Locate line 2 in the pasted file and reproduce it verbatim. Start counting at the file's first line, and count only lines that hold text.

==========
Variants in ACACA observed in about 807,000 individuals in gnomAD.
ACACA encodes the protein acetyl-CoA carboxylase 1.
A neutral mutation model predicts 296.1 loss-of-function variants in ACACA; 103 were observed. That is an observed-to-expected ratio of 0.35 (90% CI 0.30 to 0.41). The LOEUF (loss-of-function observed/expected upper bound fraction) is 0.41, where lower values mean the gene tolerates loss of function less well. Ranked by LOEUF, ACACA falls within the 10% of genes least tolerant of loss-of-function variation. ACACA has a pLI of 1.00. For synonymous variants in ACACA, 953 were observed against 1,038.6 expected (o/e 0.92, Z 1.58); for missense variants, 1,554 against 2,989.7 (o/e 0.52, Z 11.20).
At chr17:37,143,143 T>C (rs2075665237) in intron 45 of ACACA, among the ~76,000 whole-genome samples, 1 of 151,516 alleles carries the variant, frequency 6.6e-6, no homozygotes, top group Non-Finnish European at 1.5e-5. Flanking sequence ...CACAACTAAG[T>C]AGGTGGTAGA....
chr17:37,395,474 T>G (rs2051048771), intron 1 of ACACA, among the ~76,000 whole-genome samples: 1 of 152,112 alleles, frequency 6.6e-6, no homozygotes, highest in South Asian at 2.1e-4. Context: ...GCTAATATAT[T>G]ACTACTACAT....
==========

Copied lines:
ACACA encodes the protein acetyl-CoA carboxylase 1.